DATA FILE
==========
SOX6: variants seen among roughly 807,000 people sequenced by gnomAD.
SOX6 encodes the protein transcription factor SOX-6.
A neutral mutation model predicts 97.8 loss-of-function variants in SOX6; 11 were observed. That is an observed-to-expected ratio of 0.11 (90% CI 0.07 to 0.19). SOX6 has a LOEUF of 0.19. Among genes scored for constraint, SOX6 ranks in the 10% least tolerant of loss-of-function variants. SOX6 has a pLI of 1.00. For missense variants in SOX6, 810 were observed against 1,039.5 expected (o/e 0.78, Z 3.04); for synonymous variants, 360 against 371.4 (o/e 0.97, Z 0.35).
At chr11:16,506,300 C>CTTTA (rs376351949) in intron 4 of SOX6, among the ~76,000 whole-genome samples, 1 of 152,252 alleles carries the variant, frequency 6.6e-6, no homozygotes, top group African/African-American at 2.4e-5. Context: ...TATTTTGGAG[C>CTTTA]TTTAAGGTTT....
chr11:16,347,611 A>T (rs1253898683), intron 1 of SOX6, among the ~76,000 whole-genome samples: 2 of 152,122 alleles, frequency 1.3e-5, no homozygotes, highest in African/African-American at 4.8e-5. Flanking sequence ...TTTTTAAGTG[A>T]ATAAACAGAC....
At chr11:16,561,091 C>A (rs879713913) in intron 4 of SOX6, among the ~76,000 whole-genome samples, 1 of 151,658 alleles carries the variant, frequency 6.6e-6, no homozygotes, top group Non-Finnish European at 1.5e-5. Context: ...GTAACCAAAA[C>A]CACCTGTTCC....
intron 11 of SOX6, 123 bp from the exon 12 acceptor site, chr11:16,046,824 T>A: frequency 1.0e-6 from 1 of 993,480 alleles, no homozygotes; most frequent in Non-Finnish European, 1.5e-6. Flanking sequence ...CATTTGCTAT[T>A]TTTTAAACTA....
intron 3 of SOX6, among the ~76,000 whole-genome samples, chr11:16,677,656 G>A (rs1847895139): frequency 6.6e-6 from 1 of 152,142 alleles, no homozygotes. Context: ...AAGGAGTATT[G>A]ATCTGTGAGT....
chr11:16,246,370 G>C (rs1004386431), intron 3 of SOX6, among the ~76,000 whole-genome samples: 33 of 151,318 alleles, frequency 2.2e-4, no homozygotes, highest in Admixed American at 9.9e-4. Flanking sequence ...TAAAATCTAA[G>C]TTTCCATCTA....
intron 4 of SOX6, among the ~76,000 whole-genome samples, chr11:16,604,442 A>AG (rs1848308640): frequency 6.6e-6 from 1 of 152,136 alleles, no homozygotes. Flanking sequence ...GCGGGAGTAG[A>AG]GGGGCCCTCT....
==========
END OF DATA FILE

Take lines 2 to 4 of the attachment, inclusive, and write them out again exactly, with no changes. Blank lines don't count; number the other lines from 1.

SOX6 encodes the protein transcription factor SOX-6.
A neutral mutation model predicts 97.8 loss-of-function variants in SOX6; 11 were observed. That is an observed-to-expected ratio of 0.11 (90% CI 0.07 to 0.19). SOX6 has a LOEUF of 0.19. Among genes scored for constraint, SOX6 ranks in the 10% least tolerant of loss-of-function variants. SOX6 has a pLI of 1.00. For missense variants in SOX6, 810 were observed against 1,039.5 expected (o/e 0.78, Z 3.04); for synonymous variants, 360 against 371.4 (o/e 0.97, Z 0.35).
At chr11:16,506,300 C>CTTTA (rs376351949) in intron 4 of SOX6, among the ~76,000 whole-genome samples, 1 of 152,252 alleles carries the variant, frequency 6.6e-6, no homozygotes, top group African/African-American at 2.4e-5. Context: ...TATTTTGGAG[C>CTTTA]TTTAAGGTTT....